Danner (1022 W Burnside). The place to shop for bearded men who use pomade. And I'm saying that as a fan.

Animal Traffic (various locations, animaltrafficpdx.com). Carrying lines like Schott, Filson, and Red Wing, this new and vintage store makes men's lives easier if they're in need of something new and hip to wear... and great customer service, too.

Frances May (1003 SW Washington). While it might be out of most Portlanders' budgets, don't miss their vast selection of APC denim. And at around $185, you're not necessarily going to need a second job to cop 'em.


TOP PICK: North of West
North of West carries a beautifully curated selection of lifestyle goods, and in the accessories category probably has the best bags and backpacks in Portland. Pay special attention to house line Nell & Mary, which prints and sews the cutest backpack you ever did see, right here in PDX. CASSIE RIDGWAY
203 SW 9th, shopnorthofwest.com


Seven Sisters (811 E Burnside). This boutique boasts the theme "share something beautiful," and their accessory offerings are true to form.

Queen Bee (3961 N Williams). A long-standing leather goods company that manufactures bags and wallets built to last.

Tanner Goods (1308 W Burnside). A leather goods manufacturer that makes sturdy, well-made products for men and women.



TOP PICK: Palace
This is one of the first vintage stores of its kind in Portland, and features a highly curated selection that blends in lifestyle components from featured independent manufacturers. Palace seems to imbue the entire store with a unique vision, which makes it a really special store with lots of beautiful things. CASSIE RIDGWAY
2205 E Burnside, palacestore.com


Rock & Rose (616 E Burnside). A great store for both men and women of the rocker persuasion, fully stocked with vintage and handmade goods.

Red Light Clothing Exchange (3590 SE Hawthorne). Arguably the most famous vintage store in Portland with an ample stock for men and women.

Workshop Vintage (4011 N Williams). Beautifully curated vintage apparel and accessories with some killer handmade goods as well.



TOP PICK: Lille Boutique
This is the definitive lingerie boutique in Portland— which says a lot because the runners-up are a strong league as well. Lille offers an exquisite selection of carefully curated lingerie for any occasion, as well as an extremely knowledgeable staff that can help navigate size gradations and silhouettes. The taste level is at its finest in this boutique, and you will love everything. CASSIE RIDGWAY
1007 E Burnside, lilleboutique.com


The Pencil Test (2407 NE Alberta). Highly trained staff will teach you about your bra size, and it will be a surprisingly invaluable resource.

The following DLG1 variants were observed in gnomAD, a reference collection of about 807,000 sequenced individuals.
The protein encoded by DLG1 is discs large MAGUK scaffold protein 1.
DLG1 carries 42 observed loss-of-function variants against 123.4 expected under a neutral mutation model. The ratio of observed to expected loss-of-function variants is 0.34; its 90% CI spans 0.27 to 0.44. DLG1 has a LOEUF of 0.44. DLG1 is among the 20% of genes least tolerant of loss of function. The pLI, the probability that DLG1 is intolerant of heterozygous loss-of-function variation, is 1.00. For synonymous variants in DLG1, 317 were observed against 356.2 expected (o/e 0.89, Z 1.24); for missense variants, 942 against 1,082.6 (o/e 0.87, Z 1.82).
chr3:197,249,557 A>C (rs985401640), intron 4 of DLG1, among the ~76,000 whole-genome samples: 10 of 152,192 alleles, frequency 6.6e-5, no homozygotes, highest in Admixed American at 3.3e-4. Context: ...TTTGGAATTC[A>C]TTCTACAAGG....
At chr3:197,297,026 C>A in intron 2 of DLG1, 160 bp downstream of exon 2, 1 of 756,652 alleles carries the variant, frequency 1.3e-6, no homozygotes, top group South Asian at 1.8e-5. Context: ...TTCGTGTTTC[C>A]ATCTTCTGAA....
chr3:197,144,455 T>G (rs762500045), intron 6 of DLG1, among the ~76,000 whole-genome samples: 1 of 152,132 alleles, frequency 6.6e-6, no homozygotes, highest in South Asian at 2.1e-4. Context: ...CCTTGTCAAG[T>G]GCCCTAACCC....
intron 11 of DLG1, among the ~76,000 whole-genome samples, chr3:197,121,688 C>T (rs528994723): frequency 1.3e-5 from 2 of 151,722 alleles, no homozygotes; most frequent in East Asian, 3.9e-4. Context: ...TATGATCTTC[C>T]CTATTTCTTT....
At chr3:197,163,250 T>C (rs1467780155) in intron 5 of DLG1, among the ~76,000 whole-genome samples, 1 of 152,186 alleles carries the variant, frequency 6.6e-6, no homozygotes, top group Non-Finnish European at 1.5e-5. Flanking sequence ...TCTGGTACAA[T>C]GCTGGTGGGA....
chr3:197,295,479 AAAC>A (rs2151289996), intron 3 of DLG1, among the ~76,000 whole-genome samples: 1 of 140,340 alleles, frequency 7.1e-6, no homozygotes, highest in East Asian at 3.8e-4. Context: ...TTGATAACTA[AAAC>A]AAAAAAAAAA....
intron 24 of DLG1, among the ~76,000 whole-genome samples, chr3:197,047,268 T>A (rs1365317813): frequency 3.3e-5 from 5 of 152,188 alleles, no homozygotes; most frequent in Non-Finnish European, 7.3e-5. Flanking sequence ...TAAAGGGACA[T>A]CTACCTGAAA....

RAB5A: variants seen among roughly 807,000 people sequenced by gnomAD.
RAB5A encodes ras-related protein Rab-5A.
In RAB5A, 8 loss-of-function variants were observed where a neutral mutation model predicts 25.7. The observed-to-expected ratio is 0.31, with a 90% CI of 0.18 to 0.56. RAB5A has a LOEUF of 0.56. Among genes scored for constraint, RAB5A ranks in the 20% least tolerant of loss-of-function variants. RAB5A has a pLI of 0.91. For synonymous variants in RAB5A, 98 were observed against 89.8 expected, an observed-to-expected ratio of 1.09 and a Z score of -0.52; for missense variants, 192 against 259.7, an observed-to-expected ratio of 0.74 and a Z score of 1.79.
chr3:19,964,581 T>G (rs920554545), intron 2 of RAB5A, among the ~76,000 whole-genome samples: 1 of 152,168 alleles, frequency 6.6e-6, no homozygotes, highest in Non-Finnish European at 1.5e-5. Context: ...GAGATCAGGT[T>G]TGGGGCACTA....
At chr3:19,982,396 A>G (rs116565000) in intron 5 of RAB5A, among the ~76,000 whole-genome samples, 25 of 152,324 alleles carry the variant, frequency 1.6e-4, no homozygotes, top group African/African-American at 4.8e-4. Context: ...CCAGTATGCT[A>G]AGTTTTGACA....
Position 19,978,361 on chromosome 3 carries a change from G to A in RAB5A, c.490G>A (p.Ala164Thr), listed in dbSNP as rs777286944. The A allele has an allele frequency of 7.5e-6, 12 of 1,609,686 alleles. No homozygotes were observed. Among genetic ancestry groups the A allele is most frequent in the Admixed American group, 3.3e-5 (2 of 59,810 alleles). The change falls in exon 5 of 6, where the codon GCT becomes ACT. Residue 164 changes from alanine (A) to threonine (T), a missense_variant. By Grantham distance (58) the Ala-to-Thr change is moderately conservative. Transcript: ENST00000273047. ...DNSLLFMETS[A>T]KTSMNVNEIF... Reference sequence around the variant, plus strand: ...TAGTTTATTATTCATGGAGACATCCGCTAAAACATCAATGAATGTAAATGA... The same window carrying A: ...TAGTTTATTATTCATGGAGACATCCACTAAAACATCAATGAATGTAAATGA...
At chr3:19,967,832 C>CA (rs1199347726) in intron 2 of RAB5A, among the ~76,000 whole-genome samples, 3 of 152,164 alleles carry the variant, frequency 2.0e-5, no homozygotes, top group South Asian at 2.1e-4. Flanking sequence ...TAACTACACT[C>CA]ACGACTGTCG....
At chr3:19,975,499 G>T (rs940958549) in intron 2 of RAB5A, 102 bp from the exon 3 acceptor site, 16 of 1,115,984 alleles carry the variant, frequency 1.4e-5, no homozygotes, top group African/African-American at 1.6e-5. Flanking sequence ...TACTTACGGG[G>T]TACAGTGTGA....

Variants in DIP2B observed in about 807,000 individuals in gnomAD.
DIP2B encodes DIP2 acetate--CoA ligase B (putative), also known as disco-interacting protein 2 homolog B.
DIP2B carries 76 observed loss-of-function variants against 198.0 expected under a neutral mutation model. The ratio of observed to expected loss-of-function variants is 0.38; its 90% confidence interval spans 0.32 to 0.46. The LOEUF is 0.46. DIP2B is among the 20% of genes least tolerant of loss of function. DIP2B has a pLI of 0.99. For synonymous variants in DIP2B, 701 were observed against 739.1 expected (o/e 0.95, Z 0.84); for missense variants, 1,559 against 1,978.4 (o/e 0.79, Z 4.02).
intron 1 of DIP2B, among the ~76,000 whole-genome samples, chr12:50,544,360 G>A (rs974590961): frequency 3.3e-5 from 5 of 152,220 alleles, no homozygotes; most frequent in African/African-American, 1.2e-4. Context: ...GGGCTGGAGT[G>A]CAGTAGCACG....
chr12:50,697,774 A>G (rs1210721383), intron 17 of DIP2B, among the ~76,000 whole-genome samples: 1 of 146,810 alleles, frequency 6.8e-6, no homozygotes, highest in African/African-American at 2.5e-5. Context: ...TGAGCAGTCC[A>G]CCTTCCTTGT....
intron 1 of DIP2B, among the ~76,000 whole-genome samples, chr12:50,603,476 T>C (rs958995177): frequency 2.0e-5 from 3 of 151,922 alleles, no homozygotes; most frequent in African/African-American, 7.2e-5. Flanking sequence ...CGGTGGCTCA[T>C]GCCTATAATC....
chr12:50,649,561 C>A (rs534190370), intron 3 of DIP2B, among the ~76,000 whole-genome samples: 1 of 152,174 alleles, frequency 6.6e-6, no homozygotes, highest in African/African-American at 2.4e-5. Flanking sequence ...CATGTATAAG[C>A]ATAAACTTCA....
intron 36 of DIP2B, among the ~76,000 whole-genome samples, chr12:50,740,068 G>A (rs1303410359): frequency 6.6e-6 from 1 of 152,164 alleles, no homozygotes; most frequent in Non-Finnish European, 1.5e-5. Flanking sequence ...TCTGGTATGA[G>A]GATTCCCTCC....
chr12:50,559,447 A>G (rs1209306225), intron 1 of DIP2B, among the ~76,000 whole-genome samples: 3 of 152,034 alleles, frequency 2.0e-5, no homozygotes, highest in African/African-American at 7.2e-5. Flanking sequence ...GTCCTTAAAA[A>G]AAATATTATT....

Oh Baby (722 NW 23rd). A great shop for boudoir intimates and accessories.

North of West (203 SW 9th). Brick-and-mortar location for Make It Good apparel, which is well known for its men's and women's underwear; printed and sewn in Portland.


Gem Set Love

TOP PICK: Gem Set Love (formerly Gilt)
When I was planning my wedding there was pretty much no question about where my future husband and I would find our rings, and it was Gilt (who have just rebranded as Gem Set Love—same owner, same store, different name, different website). They have a HUGE selection of vintage and new engagement rings and wedding bands, and their knowledgeable staff are on hand to help you find that perfect ring you will wear every day for however long you happen to be married. (Hey, I'm not a romantic—shit ends sometimes.) Of course that's not all they carry. They also have an equally huge selection of constantly rotating vintage and antique jewelry, as well as selections from small studio designers. ELIZABETH MOLLO
720 NW 23rd, gemsetlove.com


Altar (3279 SE Hawthorne). This shop has so many different kinds of jewelry, it's insane—everything from understated and pretty, to big and witchy. (Full disclosure: This store is co-owned by Merc contributor Cassie Ridgway.)

Betsy & Iya (2403 NW Thurman). A longtime staple in the Portland jewelry scene, they make Sall of their jewelry in the back of their brick-and-mortar store. They also carry accessories and jewelry from other curated brands.

Cassidy (3562 SE Hawthorne). This shop also has a wide variety of jewelry from vendors across the country at every price point, and it's a great place for gifts.


TOP PICK: Ellington
Ellington is a one-stop-shopping kind of place when it comes to bags. They have everything from cross bodies, hobos, totes, and wallets in a wide variety of styles and colors. All styles have lots of pockets to hold all your crap, and these things are built to LAST. Add in their specialty leather finishes and you've got a company that customers love. ELIZABETH MOLLO.
1211 NW 23rd, ellingtonhandbags.com


Black Star Bags (2033 SE Hawthorne). This is the place for all of your waterproof bike bags needs. They make everything in-house, and are about to launch an awesome online customizer to build the exact bag you want.

Queen Bee (3961 N Williams). Another great place to get locally produced, waterproof bike bags, but of the more feminine variety. They also carry diaper bags from their offshoot Chickpea Baby brand.

North St. Bags (2716 SE 23rd). Yet another in-house-produced waterproof bike bag brand, which also sells great duffels, laptop cases, tool rolls, and pouches.


John Helmer Haberdasher

TOP PICK: John Helmer Haberdasher